Birchwood and Casey Aluma Black Review/Overview [230Grain.com Repost]
Yet another blatantly ripped off posted from 230Grain.com
While milling through my favorite sporting goods store’s shooting section I found a cute blue bottle from Birchwood and Casey. The contents of the bottle was called “Aluminum Black” and judging by the “Poison” and “Selenium Dioxide” warnings on the bottle; this was not some strange unrefrigerated energy supplement. According to the description on the bottle, “the room temperature chemical used by gunsmiths and industry to blacken aluminum parts,” and with some quick thinking on my part, would be perfect for fixing up the blemishes on my Sig P6/225′s aluminum frame.
Before doing any work on any firearm be sure to make sure that it is unloaded and clear before beginning any disassemble or work on it. If you shoot your face off because you didn’t clear your firearm, you have nobody to blame but yourself. Honestly. If you haven’t made a habit out of insuring that your guns are clear before doing ANY work to them then you shouldn’t be handling firearms, operating a motor vehicle, or doing anything even remotely dangerous.
From start to finish the entire process takes about 10 minutes to complete and has the same basic procedure as Birchwood and Casey’s “Super Blue” cold bluing. I highly suggest moving outdoors or into a large work area like a garage as the chemicals you will be using are toxic and Id prefer you stayed among the living. Lay out some newspaper on your work area and get your supplies ready for use.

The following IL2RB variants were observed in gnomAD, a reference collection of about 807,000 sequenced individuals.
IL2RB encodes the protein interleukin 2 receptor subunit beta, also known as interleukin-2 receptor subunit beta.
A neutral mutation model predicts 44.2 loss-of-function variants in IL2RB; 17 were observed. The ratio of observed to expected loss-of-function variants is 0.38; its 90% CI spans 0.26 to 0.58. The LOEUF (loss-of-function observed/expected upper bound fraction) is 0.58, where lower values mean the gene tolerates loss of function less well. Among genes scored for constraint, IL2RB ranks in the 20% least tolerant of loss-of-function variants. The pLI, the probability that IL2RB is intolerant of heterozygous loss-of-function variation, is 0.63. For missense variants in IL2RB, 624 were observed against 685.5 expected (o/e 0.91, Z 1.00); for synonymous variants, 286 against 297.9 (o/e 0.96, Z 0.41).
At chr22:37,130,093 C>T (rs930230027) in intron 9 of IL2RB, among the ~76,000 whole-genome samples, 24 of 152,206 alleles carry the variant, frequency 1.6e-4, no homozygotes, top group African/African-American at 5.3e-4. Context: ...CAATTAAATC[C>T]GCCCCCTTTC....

Supplies: Painters Tape Birchwood and Casey's Aluminum Black Cotton Swabs/Q-Tips Laytex/Nitrile Gloves 0000 Steel Wool Unfragranced Acetone/degreaser Access to cold running water Paper Towels/Rags
Check your firearm to be sure it is clear and then proceed field strip your firearm. Take a piece of your 0000 steel wool and buff the areas you would like to blacken so we can remove any oxides that may have built up in the area. Once you’ve given the area a light buffing occlude the surrounding surfaces you dont want effected by the blackening agent as it may damage existing any existing finishes. Don your gloves prepare a cotton swab with your degreasing agent (Acetone) and proceed to clean the areas you just prepared with the steel wool to remove any residual oil that may be on your weapon.
After waiting until the degreaser has evaporated prepare a fresh cotton swab with the Aluminum Black and apply it to the bare aluminum. Allow the solution to set for 1 minute and proceed to rinse with cold water until all of the Aluminum Black compound has been cleaned off of the metal and dry your weapon. Buff the areas that have you just treated, remove the tape, and reassemble your weapon.
The finish takes about 24 hours to fully set to the aluminum so if it looks like trash you can always buff the finish off using steel wool and try again.
If I only would have been smart enough to grab my macro lens, you would be able to see this stuff bubbling.It might not be as pretty as when it came out of the factory but it sure beats the heck out of how it looked before.
The overall quality of the finished product is better than the standard “Sharpie” or “Nail Polish” treatment but it still isn’t going to make your gun look absolutely perfect again. The finish also seems to be somewhat less durable than the original annodizing so you may find yourself repeating this process in areas with a large amount of wear like the front of your dust cover.